Adult and Pediatric Voice Disorders - Summit Professional Education
August 23, 2022
August 23, 2022
A voice disorder occurs when voice quality, pitch, and loudness differ or are inappropriate for an individual age, gender, cultural background, or geographic location. A voice disorder is present when an individual expresses concern about having an abnormal voice that does not meet daily needs even if others do not perceive it as different (American Speech-Language-Hearing Association). Voice disorders are estimated to be present in between 3% and 9% of the U.S. population; with a reported prevalence in the pediatric population of 2% to 6%. Speech-language pathologists are trained to evaluate voice use and function to determine the possible cause of the reported and observed symptoms, and to determine the best intervention methods for improving voice production.
Voice disorders occur in both pediatric and adult populations and can be categorized as structural, neurogenic, or functional. Voice quality can also be affected when psychological stress leads to habitual vocal problems; these voice disorders are referred to as psychogenic voice disorders. Voice disorders are not mutually exclusive, and overlap is common. For example, while vocal nodules are an issue with the structure of the vocal mechanism, they result from behavioral voice misuse (a functional issue). Speech- language pathologists play a key role in the assessment, diagnosis, treatment, and management of voice disorders. The SLP’s professional roles and responsibilities include diagnostic assessment services, treatment, prevention and advocacy, and patient/family education.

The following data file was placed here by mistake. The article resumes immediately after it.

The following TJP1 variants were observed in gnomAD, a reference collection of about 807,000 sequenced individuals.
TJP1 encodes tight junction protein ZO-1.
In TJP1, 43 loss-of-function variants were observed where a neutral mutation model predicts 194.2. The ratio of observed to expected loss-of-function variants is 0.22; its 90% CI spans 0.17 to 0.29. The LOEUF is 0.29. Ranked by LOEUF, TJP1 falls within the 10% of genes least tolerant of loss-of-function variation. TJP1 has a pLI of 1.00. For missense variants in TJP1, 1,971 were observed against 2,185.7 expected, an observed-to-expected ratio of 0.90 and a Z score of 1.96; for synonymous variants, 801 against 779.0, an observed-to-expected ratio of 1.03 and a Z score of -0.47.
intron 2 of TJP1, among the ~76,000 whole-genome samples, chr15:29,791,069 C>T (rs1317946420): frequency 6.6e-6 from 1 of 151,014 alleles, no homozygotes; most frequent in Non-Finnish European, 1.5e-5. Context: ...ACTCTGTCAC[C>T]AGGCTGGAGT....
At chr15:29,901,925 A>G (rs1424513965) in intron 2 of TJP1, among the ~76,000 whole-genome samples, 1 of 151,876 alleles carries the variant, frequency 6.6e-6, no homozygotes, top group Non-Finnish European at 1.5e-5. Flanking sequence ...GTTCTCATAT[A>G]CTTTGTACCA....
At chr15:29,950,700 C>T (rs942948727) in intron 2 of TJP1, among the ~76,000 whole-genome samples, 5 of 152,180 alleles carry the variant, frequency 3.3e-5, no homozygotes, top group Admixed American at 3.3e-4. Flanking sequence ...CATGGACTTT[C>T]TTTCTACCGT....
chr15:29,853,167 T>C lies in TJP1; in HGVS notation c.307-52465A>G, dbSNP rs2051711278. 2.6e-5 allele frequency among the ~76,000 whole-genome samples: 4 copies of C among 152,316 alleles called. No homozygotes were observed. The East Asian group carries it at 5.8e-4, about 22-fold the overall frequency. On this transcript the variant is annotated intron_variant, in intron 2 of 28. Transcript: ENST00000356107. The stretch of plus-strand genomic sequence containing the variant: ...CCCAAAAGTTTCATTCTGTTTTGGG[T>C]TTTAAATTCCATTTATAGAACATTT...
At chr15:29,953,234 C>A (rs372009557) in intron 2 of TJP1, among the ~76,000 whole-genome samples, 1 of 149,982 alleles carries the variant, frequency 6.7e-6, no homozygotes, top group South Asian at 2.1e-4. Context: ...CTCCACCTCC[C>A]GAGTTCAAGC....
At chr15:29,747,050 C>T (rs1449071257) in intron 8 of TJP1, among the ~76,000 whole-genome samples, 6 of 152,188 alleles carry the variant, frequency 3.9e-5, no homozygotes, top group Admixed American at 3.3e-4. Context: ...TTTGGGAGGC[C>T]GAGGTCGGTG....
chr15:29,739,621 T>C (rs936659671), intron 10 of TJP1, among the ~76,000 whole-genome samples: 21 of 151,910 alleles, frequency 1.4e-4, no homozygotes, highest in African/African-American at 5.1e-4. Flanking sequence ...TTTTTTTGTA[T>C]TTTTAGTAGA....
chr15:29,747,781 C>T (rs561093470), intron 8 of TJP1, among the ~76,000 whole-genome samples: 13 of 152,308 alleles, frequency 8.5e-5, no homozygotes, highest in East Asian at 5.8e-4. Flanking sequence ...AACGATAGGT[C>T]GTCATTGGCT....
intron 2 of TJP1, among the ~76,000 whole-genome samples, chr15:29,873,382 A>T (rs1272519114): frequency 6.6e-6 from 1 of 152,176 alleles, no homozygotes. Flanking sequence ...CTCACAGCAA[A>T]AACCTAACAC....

CE Credit: 2.0 contact hours of instruction available for Speech-Language Pathologists and Audiologists